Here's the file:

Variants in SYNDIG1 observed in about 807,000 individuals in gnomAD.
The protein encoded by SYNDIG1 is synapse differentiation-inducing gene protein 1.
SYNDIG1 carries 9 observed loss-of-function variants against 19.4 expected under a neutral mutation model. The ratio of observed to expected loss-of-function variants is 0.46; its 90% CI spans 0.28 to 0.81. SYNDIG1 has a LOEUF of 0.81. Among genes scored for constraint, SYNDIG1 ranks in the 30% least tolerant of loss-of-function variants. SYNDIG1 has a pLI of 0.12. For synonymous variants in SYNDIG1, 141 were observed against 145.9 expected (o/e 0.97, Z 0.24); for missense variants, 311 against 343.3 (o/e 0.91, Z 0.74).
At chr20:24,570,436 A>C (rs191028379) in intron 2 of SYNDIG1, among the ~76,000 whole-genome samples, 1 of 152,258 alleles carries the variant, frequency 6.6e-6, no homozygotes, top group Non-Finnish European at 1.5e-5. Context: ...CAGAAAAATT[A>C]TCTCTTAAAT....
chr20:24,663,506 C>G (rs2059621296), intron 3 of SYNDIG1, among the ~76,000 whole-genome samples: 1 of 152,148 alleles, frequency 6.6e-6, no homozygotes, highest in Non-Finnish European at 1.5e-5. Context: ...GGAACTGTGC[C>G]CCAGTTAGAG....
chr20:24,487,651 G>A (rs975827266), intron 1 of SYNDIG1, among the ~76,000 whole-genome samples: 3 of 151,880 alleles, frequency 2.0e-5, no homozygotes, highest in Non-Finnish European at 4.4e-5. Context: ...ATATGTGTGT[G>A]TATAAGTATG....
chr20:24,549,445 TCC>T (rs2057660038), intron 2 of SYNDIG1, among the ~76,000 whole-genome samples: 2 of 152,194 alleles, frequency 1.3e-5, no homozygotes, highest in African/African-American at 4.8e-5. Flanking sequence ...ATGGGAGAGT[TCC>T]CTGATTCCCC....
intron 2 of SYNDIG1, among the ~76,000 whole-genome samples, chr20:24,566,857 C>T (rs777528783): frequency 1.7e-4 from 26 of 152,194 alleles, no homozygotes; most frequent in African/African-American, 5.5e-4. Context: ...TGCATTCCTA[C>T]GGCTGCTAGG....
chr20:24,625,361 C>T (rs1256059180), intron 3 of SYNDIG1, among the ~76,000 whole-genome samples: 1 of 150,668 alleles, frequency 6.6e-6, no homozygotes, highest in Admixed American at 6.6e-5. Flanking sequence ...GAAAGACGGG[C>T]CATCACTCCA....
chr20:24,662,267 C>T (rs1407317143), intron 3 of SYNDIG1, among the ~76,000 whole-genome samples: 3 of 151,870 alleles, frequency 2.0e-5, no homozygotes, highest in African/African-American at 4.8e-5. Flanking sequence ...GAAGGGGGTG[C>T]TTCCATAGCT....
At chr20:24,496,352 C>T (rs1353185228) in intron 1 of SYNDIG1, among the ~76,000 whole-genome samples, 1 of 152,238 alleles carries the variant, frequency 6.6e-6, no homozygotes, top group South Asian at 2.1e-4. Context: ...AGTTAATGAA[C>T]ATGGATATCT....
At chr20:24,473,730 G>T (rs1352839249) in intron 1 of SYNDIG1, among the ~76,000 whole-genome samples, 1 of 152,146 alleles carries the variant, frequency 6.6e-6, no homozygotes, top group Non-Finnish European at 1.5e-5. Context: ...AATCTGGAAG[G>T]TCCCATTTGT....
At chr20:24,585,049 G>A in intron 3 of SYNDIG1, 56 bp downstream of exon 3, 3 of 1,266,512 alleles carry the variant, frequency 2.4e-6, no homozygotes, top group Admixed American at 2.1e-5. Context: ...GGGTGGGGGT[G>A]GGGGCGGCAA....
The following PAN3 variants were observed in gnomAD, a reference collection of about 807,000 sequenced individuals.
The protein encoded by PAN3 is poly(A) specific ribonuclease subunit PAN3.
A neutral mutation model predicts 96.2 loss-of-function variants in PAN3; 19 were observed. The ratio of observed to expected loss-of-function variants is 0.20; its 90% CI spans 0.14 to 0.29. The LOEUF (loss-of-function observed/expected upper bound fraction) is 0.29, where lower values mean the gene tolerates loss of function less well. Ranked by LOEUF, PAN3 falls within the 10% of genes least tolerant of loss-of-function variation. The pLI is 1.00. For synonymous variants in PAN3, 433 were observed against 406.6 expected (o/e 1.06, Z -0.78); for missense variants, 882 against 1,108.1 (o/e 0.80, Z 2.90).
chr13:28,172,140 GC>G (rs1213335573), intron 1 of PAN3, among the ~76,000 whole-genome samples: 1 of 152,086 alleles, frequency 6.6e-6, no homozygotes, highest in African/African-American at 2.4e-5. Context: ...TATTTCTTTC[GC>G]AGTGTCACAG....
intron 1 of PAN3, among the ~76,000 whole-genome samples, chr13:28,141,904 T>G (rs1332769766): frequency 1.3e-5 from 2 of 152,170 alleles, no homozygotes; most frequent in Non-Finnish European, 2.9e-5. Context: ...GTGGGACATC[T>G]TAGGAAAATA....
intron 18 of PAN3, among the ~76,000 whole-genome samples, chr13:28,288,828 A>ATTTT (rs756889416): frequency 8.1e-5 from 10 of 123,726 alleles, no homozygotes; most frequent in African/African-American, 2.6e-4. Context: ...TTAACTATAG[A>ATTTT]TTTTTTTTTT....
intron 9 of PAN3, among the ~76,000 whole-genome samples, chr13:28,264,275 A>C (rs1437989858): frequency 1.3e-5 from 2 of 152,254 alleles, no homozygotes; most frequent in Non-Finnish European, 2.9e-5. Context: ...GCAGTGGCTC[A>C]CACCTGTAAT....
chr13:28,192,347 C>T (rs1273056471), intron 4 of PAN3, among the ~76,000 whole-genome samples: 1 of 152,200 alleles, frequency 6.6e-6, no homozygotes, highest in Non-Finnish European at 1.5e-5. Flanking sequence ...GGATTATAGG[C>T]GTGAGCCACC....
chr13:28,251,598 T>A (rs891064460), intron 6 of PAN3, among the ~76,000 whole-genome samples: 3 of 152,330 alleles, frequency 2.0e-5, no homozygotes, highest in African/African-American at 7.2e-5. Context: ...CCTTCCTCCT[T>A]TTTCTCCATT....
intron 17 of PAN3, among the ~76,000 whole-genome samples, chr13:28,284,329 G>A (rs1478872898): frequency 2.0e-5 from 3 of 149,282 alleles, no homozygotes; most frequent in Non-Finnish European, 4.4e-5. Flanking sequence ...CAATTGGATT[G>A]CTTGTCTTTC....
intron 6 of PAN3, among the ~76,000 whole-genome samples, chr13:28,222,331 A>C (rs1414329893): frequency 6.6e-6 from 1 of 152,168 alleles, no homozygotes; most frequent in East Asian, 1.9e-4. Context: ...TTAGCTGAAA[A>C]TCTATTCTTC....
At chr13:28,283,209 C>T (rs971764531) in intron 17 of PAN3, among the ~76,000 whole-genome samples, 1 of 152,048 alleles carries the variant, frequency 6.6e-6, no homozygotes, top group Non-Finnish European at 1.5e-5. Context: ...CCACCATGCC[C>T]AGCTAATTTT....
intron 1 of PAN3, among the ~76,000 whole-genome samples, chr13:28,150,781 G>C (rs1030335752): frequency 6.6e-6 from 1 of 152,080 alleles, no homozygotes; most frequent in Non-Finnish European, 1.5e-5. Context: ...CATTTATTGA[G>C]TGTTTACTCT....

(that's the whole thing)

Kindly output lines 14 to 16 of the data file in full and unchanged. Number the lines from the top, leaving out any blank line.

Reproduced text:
The following PAN3 variants were observed in gnomAD, a reference collection of about 807,000 sequenced individuals.
The protein encoded by PAN3 is poly(A) specific ribonuclease subunit PAN3.
A neutral mutation model predicts 96.2 loss-of-function variants in PAN3; 19 were observed. The ratio of observed to expected loss-of-function variants is 0.20; its 90% CI spans 0.14 to 0.29. The LOEUF (loss-of-function observed/expected upper bound fraction) is 0.29, where lower values mean the gene tolerates loss of function less well. Ranked by LOEUF, PAN3 falls within the 10% of genes least tolerant of loss-of-function variation. The pLI is 1.00. For synonymous variants in PAN3, 433 were observed against 406.6 expected (o/e 1.06, Z -0.78); for missense variants, 882 against 1,108.1 (o/e 0.80, Z 2.90).